I'm trying to design a simple BLDC motor controller using L6234 driver IC. Looking at its application reference schematic I came across some weird pull-ups (highlighted in green, I assume these function as pull-up resistors but please correct me if I'm wrong).

https://www.st.com/resource/en/application_note/cd00004062-l6234-three-phase-motor-driver-stmicroelectronics.pdf figure 12:

Figure 12

What are these pull-ups for? I understand the use of pull-up and pull-down resistors when they are used to prevent say button input from floating. But in this case control logic IC outputs PWM signals to control L6234 IC. If these are here to prevent floating enables and inputs while control logic IC is booting then why are these pull-ups instead of being pull-downs?

I'm rather inexperienced hobbyist, am I missing something more fundamental here?

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    \$\begingroup\$ It would seem that those 10K's ARE pull-downs if \$V_s\$ is missing or inactive (via J7 and the L7805). \$\endgroup\$
    – glen_geek
    Jan 31, 2021 at 16:03
  • \$\begingroup\$ I think it's because the control logic driver might need a little help on the high output voltages. I mean it meets the L6234 input high requirements but only by a few hundred milli volt and given that this sort of 3 phase motor control circuit is quite noisy, it might need to pull-ups for a little extra security on logic levels. \$\endgroup\$
    – Andy aka
    Jan 31, 2021 at 16:47
  • \$\begingroup\$ Glen_geek has the right of it. If J7 is not attached then these function as pull-downs disabling the device. Odds are rest of circuit (control logic) is powered by +5V. \$\endgroup\$ Feb 1, 2021 at 1:59

1 Answer 1


Looking in more detail at the app note it would seem that the pullups are superfluous. They are directly connected to the outputs of a GAL in the control logic diagram. The outputs of the GAL would be available within a few microseconds of power being applied.

Also the GAL outputs meet the voltage requirements of the L6234. As @MaybeJulius mentions there should be some interlock between the Vs and the 5V supply to ensure that Vs is available before voltage is applied to the control inputs. One of the options in the circuit is to make 5V available from the same supply in which case there shouldn't be a problem (but results in high dissipation in the 5V regulator).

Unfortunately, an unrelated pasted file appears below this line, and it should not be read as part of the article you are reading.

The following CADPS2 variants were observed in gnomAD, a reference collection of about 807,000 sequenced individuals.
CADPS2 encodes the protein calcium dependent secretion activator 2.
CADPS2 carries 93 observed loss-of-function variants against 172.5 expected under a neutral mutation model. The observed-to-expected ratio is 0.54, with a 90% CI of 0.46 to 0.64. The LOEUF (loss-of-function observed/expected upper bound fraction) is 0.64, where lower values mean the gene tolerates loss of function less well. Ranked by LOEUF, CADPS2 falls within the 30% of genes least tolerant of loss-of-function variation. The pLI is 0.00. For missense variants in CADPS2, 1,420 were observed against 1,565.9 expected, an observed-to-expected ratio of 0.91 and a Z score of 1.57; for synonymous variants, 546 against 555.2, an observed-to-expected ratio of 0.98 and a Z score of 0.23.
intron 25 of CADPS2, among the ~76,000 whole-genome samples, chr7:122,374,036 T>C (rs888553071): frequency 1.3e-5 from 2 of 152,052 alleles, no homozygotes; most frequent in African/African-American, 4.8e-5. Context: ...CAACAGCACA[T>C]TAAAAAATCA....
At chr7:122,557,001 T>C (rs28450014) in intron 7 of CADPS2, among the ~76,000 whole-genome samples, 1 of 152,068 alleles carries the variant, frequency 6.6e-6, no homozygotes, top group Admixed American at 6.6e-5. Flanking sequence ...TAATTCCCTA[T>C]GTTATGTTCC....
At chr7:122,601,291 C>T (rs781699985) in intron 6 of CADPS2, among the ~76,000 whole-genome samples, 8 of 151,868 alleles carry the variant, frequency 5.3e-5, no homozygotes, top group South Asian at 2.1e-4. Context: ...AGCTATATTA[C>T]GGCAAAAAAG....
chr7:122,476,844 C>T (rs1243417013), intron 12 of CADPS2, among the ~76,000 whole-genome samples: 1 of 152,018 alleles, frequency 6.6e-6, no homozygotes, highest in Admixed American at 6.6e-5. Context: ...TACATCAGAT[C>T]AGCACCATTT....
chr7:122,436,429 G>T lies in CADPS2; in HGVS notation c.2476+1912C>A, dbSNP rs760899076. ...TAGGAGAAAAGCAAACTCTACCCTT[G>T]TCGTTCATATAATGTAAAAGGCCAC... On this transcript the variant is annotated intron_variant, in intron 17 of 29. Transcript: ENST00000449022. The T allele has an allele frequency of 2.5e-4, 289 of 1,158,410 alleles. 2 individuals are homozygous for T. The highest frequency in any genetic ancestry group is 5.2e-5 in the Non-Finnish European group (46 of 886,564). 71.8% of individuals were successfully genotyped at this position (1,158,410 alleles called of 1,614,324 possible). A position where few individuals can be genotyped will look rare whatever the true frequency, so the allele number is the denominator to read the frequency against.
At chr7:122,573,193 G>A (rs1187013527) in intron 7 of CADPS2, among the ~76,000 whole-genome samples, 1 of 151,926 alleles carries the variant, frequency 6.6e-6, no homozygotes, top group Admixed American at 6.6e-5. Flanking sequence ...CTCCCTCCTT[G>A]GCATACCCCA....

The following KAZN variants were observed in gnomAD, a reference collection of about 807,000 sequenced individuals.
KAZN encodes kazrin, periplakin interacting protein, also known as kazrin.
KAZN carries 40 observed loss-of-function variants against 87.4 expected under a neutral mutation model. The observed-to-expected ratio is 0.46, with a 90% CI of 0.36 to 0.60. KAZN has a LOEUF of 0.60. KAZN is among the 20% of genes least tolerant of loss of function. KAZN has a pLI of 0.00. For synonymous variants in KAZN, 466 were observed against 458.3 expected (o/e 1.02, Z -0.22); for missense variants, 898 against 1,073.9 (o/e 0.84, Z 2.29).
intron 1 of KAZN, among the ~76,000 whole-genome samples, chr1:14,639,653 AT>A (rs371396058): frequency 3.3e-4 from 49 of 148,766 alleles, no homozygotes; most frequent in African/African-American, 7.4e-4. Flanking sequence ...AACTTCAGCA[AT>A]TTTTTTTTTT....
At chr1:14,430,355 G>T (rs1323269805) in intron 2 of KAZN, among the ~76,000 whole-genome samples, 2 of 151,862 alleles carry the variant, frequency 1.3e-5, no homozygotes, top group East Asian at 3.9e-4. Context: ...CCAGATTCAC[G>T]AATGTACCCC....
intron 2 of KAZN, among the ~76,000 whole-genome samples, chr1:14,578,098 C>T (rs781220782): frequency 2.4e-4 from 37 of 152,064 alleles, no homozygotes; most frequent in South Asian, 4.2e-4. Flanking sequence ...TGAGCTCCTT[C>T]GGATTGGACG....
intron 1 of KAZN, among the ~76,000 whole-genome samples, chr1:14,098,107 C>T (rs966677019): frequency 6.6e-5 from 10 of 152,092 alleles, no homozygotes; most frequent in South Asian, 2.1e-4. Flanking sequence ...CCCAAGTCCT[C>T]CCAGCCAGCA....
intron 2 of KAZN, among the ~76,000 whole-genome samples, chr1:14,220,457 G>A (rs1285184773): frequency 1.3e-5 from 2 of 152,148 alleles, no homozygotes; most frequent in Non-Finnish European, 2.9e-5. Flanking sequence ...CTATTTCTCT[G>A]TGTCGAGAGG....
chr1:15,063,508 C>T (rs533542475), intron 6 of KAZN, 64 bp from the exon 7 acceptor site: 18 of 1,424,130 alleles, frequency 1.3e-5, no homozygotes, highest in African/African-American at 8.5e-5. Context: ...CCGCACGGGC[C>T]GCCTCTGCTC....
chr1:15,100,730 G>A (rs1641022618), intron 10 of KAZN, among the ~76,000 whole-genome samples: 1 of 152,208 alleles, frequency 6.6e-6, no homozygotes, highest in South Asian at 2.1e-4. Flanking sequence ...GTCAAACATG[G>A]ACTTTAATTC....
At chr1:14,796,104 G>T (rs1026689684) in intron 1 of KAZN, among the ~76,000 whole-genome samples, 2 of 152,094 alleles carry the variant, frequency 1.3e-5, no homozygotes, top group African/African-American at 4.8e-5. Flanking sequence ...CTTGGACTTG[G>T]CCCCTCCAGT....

If the control signals are being provided by a microprocessor it would also be safer to ensure that they are held low until the processor is running and has had a chance to initialize its output ports.

If the motor controller is not held in a benign state it could cause unwanted rotation or excessive dissipation in the motor coils by constant excitation.

A common way of doing that is to provide pull-ups or pull-downs to set the motor controller in an idle state. They will be overridden by the microcontroller I/O signals when it has configured itself.

In this case, however, I don't see why they are pull-ups and not pull-downs as the enable signals for the L6234 are active high. I would not consider it a good design as is.

L6234 datasheet

  • \$\begingroup\$ Application note also states that "To avoid overload of the logic INPUTS and ENABLES, voltage should be applied to Vs prior to the logic signal inputs.". So pull-ups REALLY don't make sense then, right? \$\endgroup\$ Jan 31, 2021 at 18:57
  • \$\begingroup\$ A good question, a schematic of the control logic would help. I will take a SWAG and say the control logic is open collector/drain outputs and sink but do not source voltage. The L6238 requires a Supply voltage from 7 to 52 V, 5V logic will not work. They are pull ups, it shows that on the lower right side of the green block. As far as pull up and pull down resistors there are thousands of applications for them, not just buttons. As you get more experience this will begin to make sence. I would suggest you study the data sheet, it will help you understand what is going on. \$\endgroup\$
    – Gil
    Jan 31, 2021 at 18:59
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    \$\begingroup\$ @Gil - 10k is rather a weak pull-up for being the main mechanism to provide a logic high. The transition time would be rather long. Also 5V logic will work. Anything over 2V is considered a logic high. The maximum voltage is 7V. The device was designed for 3.5/5v logic by the looks of it. \$\endgroup\$ Jan 31, 2021 at 20:07
  • \$\begingroup\$ I would suggest you read the data sheet. It states The L6238 requires a Supply voltage from 7 to 52 V, I did not do the design nor do I have access to the internals of the driver. The board has a input voltage specified of 8 to 42V per the drawing. It was a SWAG. Since you decided they are a weak pull up, explain what the designer did wrong and why? Of course the drawing could be wrong but I have no clue on that. \$\endgroup\$
    – Gil
    Feb 2, 2021 at 2:01
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    \$\begingroup\$ @Gil - I did read the datasheet. Yes, it requires 7V or more for the power stage but the logic signals are normal TTL with a 0.8V low and 2V high. They are compatible with the GAL implementation of the control logic running at 5V. \$\endgroup\$ Feb 2, 2021 at 2:04

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